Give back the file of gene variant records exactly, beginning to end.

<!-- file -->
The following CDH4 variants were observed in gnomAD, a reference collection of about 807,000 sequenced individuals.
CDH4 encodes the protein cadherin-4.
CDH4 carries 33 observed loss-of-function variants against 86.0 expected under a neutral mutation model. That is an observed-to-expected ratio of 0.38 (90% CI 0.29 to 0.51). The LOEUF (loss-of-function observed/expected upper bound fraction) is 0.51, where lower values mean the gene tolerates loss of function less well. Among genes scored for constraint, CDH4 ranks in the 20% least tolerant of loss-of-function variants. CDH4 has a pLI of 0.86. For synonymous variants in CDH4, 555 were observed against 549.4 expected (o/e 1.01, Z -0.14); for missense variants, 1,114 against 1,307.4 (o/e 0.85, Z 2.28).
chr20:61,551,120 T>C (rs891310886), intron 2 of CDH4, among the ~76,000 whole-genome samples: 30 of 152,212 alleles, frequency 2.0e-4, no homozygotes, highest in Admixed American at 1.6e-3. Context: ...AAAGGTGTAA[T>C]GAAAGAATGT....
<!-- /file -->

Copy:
The following CDH4 variants were observed in gnomAD, a reference collection of about 807,000 sequenced individuals.
CDH4 encodes the protein cadherin-4.
CDH4 carries 33 observed loss-of-function variants against 86.0 expected under a neutral mutation model. That is an observed-to-expected ratio of 0.38 (90% CI 0.29 to 0.51). The LOEUF (loss-of-function observed/expected upper bound fraction) is 0.51, where lower values mean the gene tolerates loss of function less well. Among genes scored for constraint, CDH4 ranks in the 20% least tolerant of loss-of-function variants. CDH4 has a pLI of 0.86. For synonymous variants in CDH4, 555 were observed against 549.4 expected (o/e 1.01, Z -0.14); for missense variants, 1,114 against 1,307.4 (o/e 0.85, Z 2.28).
chr20:61,551,120 T>C (rs891310886), intron 2 of CDH4, among the ~76,000 whole-genome samples: 30 of 152,212 alleles, frequency 2.0e-4, no homozygotes, highest in Admixed American at 1.6e-3. Context: ...AAAGGTGTAA[T>C]GAAAGAATGT....